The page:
Enhancing International Cooperation, Solidarity, Local Capacities and Humanitarian Action for Refugees in Africa

ExCom High level Segment: Enhancing International Cooperation, Solidarity, Local Capacities and Humanitarian Action for Refugees in Africa

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Chair, Excellencies, High Commissioner Guterres, friends,

Thank you, High Commissioner, for the efforts of UNHCR and for challenging us to do more, think differently and forge new partnerships.

This is urgently needed in a situation where the world is facing four ‘level 3 crises’, two of them in Africa: South Sudan and the Central African Republic.

And I’m afraid that we may see the next level 3 crisis in Somalia, if we don’t act now and act decisively.

These are man-made political crises. They are leading to conflicts and instability, immense suffering and massive displacement.

The figures (for Africa) speak for themselves:
- 3 million refugees
- 12.5 million internally displace persons
- 700 000 stateless people

There are refugee situations that go back decades, for example the Somali and Eritrean refugee populations.

There are new emergencies in the Central African Republic and Nigeria that are causing large scale displacement.

And in some countries, people are being displaced over and over again, as in the case of the Democratic Republic of Congo.

The current Ebola outbreak is placing an additional burden on states in Western Africa.

Action is urgently needed to address these humanitarian crises in Africa – both on the part of the continent itself and the international community.

African countries are already taking great responsibility by receiving refugees from neighbouring countries.

Humanitarian organisations are responding actively to the crises. Donors are providing an unprecedented level of funding.

Still, this is not enough. Many humanitarian response plans are alarmingly underfunded. The needs are immense. We must also do more to protect displaced women and children.

Norway is stepping up its humanitarian assistance to Africa.

But humanitarian action alone can never solve the challenges Africa and the world are facing. It can only ease the suffering. Real solutions are needed at the political level.

South Sudan is a case in point. A power struggle among members of the ruling elite has led to a human catastrophe.

More than 1.7 million people have been driven from their homes.

The country now faces the worst food security crisis in the world.

When we met in Oslo in May this year, 22 countries made pledges totalling more than 618 million US dollars.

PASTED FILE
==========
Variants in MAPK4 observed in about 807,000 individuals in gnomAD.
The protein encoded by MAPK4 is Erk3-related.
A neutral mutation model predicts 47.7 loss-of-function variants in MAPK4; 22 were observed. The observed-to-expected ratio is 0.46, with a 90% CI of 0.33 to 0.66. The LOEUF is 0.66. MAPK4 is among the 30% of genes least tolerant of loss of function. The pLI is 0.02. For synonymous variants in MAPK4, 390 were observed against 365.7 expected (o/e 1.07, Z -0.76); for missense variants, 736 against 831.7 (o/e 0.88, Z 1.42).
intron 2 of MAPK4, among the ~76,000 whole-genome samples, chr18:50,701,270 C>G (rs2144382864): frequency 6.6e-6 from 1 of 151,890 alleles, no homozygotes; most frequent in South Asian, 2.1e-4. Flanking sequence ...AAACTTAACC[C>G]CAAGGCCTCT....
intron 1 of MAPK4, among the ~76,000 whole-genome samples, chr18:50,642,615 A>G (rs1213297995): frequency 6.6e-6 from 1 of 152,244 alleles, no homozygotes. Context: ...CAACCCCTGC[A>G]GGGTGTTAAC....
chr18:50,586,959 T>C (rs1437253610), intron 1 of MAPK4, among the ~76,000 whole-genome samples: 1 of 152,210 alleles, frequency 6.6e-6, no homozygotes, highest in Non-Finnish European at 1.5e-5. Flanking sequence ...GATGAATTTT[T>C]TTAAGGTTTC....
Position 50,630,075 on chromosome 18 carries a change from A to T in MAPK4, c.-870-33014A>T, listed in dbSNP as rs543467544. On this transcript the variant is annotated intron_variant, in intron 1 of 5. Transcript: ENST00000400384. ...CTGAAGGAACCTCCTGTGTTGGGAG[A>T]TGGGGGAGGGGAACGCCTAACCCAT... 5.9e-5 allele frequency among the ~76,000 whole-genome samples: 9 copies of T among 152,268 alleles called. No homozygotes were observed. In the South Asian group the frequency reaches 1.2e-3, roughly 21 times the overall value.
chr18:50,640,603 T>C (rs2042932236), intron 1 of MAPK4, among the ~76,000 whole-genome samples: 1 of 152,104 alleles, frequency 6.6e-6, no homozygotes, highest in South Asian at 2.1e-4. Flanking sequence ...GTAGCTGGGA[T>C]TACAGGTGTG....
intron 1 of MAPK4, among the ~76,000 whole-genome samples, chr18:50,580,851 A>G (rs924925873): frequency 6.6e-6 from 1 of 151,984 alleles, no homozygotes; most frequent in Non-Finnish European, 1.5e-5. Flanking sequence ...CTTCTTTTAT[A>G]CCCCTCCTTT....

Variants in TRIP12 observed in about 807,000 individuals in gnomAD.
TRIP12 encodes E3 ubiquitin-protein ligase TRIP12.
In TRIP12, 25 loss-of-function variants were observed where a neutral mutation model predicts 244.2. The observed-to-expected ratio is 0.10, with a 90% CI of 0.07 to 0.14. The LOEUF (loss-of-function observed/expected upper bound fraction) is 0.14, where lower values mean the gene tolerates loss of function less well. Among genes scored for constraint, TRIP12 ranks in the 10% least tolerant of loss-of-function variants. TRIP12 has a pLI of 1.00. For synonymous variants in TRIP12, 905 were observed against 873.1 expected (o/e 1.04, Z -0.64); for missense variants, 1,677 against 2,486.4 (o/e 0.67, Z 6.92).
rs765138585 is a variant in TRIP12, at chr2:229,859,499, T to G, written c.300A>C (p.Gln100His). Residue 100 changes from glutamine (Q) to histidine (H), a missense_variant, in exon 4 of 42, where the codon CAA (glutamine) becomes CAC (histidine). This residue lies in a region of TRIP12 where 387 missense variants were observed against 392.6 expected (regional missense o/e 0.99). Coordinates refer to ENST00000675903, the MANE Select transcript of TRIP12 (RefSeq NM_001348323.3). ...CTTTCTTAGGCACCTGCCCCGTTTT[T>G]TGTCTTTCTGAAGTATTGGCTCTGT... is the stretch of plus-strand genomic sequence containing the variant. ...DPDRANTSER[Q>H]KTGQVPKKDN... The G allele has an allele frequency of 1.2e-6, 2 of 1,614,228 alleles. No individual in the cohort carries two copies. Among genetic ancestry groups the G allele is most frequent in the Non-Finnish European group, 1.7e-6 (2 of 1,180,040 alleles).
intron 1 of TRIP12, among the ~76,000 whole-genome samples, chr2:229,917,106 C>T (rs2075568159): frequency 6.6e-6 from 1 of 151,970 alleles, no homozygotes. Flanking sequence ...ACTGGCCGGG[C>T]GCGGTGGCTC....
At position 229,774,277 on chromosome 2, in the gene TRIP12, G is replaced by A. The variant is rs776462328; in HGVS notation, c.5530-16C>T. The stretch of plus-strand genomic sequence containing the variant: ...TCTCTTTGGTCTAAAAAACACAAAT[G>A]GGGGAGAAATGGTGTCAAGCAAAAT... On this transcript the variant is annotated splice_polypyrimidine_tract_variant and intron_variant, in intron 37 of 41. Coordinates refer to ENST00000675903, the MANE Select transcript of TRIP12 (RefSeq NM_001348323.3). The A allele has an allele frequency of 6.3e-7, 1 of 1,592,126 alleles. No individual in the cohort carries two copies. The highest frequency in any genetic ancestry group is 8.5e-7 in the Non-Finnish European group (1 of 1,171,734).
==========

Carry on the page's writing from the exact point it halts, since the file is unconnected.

We still need more resources for South Sudan and the neighbouring countries.

But above all we need the government and the opposition in South Sudan to stop fighting and show leadership.

Without a political solution, the suffering will continue.

Without a political solution, there can be no development.

We must strengthen the links between development cooperation and humanitarian action.

This is necessary when we face the growing challenge of climate change. Adapting to climate change is vital to prevent future humanitarian disasters.

Early warning systems and other climate services are crucial. Hence, Norway is supporting the Global Framework for Climate Services.

Education is another area where the links between development cooperation and humanitarian action need to be strengthened.

In sub-Saharan Africa, 12.6 million children of primary school age do not attend school. We cannot afford this.

Education is one of the keys to ending extreme poverty.

Education is lifesaving and life-sustaining.

Education provides important protection for children in emergency situations. We welcome the strong emphasis UNHCR puts on this.

Norway’s goal is to ensure that a million more children in conflict areas can receive a good quality education.

Education has long-term effects. It provides building blocks for the future.

That is why we need to invest in education – at all levels. Norway is doubling its funding for global education. This funding will total 570 million US dollars in 2017.

We are also actively working to strengthen our partnership with UNHCR and UNICEF on education.

Excellencies, High Commissioner,

Over the past decade we have seen economic growth and greater stability in several African countries. Still, the continent continues to face major challenges:

Man-made conflicts, climate change and poverty.

Lack of access to health facilities, education and jobs.

These are all obstacles to development.

They are also among the main root causes of migration.

Let me assure you that Norway is committed to work in partnership with Africa to find durable solutions to these challenges.

Thank you.

 

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